161 million reasons to treat customers fairly
The National Party wants to scrap legislation that will ensure banks and insurers treat customers fairly – despite over $161 million paid out to customers because of mistakes found at some financial institutions.
“AIA to pay $700,000 penalty for false and misleading representations to customers”, “Cigna to pay $3.5 million” and “ANZ ordered to pay $280,000” are just some of the headlines in recent years that highlight how some financial institutions have misled customers.
As a result of these errors, new legislation was introduced to ensure banks and insurers treat customers fairly. The Conduct of Financial Institutions Act (CoFI) regime starts in March 2025.
Scrapping this legislation would be a win for banks and insurers, and a loss for New Zealanders.
What is CoFI?
National Party MP and spokesperson for commerce and consumer affairs, Andrew Bayly, said the party will “cut financial red tape” and “burdens on lenders” by repealing CoFI.
You could be forgiven for not knowing what CoFI is, but it’s important for anyone who has a bank account or an insurance policy.
Basically, the legislation ensures financial institutions treat customers fairly.
CoFI was brought in after a joint review by the Financial Markets Authority (FMA) and the Reserve Bank on the “conduct and culture of banks and life insurers” (in 2018 and 2019). The FMA also did a separate review into fire and general insurers, such as house and contents insurance providers (in 2021).
The reviews found several weaknesses in banks and insurers’ systems, which disadvantaged consumers.
What the FMA and Reserve Bank reviews found
The 2019 review into life insurance found insurers weren’t “putting in place systems and processes to ensure consumers were treated fairly”.
Since the review, life insurers have reported 225 issues to the FMA – most of which relate to “creaking systems and weak controls.” This represented “just the one-third of issues whose impacts have been fully assessed” up until September 2022.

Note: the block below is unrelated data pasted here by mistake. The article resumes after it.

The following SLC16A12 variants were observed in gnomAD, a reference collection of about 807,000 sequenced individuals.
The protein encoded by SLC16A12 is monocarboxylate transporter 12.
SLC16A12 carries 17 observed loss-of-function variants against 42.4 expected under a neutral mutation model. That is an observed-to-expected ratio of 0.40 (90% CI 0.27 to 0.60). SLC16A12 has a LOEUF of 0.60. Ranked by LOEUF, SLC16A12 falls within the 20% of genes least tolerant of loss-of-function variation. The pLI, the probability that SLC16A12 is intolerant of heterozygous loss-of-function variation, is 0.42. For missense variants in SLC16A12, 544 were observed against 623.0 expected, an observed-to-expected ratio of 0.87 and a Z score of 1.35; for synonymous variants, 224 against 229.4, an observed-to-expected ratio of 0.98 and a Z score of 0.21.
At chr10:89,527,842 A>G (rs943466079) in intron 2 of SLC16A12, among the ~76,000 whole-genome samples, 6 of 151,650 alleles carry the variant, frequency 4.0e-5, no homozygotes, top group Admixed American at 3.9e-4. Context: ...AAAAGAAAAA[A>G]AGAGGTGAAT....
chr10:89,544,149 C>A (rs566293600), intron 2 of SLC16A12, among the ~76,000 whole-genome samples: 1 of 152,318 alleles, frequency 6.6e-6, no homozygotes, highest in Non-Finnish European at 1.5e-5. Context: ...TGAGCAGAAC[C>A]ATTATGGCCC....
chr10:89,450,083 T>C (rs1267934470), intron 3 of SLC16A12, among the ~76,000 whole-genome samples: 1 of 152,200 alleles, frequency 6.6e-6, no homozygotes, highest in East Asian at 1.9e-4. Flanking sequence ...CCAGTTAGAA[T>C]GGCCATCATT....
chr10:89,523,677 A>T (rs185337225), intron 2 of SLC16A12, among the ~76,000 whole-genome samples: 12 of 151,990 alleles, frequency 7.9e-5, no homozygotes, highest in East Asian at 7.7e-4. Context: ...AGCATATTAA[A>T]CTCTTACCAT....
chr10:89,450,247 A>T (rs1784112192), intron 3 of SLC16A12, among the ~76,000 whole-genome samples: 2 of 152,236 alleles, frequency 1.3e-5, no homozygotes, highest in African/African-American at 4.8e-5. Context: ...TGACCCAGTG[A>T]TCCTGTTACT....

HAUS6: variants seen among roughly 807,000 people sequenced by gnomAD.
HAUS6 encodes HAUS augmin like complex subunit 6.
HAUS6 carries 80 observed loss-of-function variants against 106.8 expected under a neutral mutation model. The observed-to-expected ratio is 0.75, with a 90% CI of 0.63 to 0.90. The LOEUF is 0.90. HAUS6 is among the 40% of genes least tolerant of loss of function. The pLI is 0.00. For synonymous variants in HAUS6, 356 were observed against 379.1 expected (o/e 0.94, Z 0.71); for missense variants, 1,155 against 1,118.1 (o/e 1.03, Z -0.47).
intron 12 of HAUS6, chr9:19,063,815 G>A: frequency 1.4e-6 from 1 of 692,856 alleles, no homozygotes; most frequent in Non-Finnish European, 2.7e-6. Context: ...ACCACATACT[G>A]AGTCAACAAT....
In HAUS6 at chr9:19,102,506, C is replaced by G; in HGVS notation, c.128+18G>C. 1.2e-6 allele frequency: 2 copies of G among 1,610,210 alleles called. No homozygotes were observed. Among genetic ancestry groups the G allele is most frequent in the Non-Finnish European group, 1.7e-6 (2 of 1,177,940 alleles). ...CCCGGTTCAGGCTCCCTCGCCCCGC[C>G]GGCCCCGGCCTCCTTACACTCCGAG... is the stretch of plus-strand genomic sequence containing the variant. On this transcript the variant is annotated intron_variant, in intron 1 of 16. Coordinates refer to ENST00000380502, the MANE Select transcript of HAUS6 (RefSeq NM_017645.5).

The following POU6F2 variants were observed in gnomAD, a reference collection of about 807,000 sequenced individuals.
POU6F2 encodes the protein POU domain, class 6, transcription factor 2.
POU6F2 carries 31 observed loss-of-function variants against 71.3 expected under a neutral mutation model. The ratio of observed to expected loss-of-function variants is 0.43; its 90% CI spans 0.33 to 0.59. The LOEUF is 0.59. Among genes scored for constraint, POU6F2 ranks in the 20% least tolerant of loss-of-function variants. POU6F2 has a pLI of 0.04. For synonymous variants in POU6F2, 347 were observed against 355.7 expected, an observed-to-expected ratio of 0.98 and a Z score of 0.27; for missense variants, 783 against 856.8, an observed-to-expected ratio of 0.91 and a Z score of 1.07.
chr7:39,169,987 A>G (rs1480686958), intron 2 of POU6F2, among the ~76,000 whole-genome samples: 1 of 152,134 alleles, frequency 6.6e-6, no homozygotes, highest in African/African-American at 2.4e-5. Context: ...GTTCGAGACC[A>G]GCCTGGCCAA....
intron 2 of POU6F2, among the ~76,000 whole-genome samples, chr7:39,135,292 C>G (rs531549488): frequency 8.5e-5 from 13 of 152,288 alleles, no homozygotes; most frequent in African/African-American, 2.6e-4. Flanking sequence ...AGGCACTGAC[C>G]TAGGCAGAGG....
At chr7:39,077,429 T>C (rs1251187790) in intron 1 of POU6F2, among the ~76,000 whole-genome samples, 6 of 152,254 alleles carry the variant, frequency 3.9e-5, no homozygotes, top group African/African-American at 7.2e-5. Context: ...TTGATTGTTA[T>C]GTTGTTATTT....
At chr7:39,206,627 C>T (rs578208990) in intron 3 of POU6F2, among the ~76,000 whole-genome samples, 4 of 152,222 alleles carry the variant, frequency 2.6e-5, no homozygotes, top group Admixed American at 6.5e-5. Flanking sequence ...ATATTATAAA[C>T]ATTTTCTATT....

For banking, 266 errors have been fixed since the 2018 review.
To date, more than 1.51 million customers have been impacted since the reviews of banks and insurers, and over $161.3 million has been returned to customers.
These are astonishing and concerning numbers.
Between October 2022 and June 2023, the FMA filed three more cases against life and general insurers for allegedly misleading consumers.
The issues found in the insurance and banking reviews include instances of insurers not notifying policy holders of premium increases properly, selling credit insurance to people who were ineligible to claim on it, and not applying annual inflation correctly. Other issues included people still being charged for old policies when they had switched to new ones.
One insurer only helped customers who complained about high premiums for funeral insurance policies. This created a ‘two-tier’ premium scale between those who complained and those who didn’t.
The FMA and Reserve Bank also reported that some banks relied solely on complaints to identify issues, yet their systems for monitoring complaints “had serious weaknesses.” Issues customers complained about were largely due to “underinvestment in systems, and reliance of manual processes” to compensate for the old systems.
For both life insurers and banks, the regulators found the role of incentives problematic. A customer should be sold a product because it suits their purposes, not because the salesperson earns the most commission off it.
CoFI needs to stay
Customers need to be treated fairly and sold the right products for their purposes.
The FMA’s Clare Bolingford spoke to the Financial Services Council Conference – a day before the National Party’s announcement to scrap CoFI. She said the FMA’s investigations after the bank and insurer reviews showed, “frankly, a sloppy and careless approach to customers”.
CoFI is a vital tool to ensure New Zealanders get good customer service.
It also means we’re keeping up with other countries who have already have tools in place to ensure a “robust, sound and fair financial system,” Bolingford said.
If CoFI is scraped, customers are likely to continue to bear the brunt of financial institutions’ mistakes.